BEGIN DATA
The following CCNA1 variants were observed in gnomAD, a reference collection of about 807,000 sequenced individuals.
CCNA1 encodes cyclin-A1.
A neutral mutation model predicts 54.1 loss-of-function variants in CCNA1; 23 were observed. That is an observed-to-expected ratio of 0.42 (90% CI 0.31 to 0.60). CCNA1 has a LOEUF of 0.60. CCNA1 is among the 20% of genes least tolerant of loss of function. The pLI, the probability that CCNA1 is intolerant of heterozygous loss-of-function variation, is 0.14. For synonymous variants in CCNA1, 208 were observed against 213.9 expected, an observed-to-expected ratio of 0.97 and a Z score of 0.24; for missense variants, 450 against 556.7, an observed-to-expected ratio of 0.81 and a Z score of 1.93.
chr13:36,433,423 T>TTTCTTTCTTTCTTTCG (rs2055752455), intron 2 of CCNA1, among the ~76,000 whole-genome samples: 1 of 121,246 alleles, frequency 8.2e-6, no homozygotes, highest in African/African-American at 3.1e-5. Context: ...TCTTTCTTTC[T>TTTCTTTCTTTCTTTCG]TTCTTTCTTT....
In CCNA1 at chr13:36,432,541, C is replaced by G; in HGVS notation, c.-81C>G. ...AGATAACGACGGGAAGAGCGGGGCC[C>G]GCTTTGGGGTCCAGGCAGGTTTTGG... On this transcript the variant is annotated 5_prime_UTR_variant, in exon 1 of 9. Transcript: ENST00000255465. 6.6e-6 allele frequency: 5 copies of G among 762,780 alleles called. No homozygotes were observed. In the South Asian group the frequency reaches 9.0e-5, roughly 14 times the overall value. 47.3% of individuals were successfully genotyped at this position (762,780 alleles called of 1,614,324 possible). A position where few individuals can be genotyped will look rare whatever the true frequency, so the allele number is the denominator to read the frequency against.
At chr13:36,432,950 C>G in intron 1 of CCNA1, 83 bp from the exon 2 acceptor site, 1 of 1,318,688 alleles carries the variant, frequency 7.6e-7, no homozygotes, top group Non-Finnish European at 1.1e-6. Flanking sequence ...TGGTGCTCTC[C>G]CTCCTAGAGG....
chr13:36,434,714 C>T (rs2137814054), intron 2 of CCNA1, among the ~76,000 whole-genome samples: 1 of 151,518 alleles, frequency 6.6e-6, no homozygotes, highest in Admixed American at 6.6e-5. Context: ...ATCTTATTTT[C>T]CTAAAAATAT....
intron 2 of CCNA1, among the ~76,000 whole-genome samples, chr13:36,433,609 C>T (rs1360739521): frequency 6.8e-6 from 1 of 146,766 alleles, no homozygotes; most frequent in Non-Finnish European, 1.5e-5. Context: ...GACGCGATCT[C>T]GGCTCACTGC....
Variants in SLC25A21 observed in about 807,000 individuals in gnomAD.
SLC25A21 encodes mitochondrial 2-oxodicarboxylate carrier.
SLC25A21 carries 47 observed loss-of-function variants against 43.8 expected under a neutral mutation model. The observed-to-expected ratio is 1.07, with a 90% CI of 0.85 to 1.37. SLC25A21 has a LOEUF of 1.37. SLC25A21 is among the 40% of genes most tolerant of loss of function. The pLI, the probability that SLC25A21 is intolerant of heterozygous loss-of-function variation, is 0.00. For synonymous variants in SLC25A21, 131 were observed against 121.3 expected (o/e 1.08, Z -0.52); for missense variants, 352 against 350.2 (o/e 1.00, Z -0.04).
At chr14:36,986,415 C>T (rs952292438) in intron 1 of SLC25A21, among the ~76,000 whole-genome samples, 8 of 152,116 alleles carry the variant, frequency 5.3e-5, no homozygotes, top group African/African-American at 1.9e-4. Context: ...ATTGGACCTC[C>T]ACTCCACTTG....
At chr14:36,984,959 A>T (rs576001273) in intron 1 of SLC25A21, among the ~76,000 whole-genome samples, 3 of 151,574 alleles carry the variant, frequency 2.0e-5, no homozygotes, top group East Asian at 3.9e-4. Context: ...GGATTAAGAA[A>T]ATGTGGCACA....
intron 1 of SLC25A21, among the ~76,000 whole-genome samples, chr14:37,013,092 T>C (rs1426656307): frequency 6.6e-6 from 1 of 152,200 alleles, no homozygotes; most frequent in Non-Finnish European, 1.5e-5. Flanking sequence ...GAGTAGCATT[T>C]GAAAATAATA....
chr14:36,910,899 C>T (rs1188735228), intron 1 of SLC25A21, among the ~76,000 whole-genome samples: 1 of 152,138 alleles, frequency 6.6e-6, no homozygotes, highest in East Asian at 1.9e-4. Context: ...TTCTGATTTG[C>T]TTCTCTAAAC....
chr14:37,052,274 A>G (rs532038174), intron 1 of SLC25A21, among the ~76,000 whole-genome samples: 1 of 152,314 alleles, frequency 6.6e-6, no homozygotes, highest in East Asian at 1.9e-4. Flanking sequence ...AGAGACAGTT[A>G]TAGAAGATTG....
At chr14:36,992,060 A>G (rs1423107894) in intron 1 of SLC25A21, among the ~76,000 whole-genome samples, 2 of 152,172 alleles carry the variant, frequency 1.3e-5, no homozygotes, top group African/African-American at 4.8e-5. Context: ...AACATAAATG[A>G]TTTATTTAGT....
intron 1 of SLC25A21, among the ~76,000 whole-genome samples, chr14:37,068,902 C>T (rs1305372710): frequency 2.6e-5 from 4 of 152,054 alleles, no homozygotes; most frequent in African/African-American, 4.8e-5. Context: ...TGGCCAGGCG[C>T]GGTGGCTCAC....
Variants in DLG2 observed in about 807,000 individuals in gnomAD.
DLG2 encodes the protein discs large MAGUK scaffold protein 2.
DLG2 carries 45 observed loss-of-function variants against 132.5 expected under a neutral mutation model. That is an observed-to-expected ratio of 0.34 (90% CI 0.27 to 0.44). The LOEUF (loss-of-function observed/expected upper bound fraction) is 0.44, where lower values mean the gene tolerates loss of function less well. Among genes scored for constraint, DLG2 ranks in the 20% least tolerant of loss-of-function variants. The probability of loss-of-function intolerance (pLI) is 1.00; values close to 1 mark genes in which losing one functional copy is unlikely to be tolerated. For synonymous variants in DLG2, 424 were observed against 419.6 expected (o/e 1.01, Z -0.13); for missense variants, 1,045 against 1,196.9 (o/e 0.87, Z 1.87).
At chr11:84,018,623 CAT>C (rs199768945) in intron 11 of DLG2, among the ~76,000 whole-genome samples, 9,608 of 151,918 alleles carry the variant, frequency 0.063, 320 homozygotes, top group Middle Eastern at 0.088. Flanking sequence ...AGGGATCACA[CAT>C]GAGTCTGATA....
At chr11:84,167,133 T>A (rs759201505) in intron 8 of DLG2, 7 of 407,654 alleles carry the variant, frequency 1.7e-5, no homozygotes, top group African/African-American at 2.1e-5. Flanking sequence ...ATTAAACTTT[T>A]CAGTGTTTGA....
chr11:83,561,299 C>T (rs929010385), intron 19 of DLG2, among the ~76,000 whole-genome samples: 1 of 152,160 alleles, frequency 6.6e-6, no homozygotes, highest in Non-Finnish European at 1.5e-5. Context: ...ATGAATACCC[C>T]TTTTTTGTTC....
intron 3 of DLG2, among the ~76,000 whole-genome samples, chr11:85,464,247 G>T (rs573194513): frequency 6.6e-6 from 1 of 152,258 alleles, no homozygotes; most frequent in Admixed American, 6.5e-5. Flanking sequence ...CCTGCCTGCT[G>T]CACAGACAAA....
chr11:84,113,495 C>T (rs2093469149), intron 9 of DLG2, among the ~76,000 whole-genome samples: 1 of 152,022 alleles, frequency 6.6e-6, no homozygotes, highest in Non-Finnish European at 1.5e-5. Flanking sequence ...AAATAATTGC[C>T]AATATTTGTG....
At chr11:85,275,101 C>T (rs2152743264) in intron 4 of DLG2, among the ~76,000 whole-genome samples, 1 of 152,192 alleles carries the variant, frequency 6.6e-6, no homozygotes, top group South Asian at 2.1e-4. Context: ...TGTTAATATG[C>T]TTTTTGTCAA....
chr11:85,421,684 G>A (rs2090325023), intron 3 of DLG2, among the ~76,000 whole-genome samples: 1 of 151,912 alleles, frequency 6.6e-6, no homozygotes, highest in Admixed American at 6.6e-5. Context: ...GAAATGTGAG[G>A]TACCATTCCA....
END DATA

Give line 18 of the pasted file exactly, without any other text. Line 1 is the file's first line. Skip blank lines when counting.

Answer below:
intron 1 of SLC25A21, among the ~76,000 whole-genome samples, chr14:37,068,902 C>T (rs1305372710): frequency 2.6e-5 from 4 of 152,054 alleles, no homozygotes; most frequent in African/African-American, 4.8e-5. Context: ...TGGCCAGGCG[C>T]GGTGGCTCAC....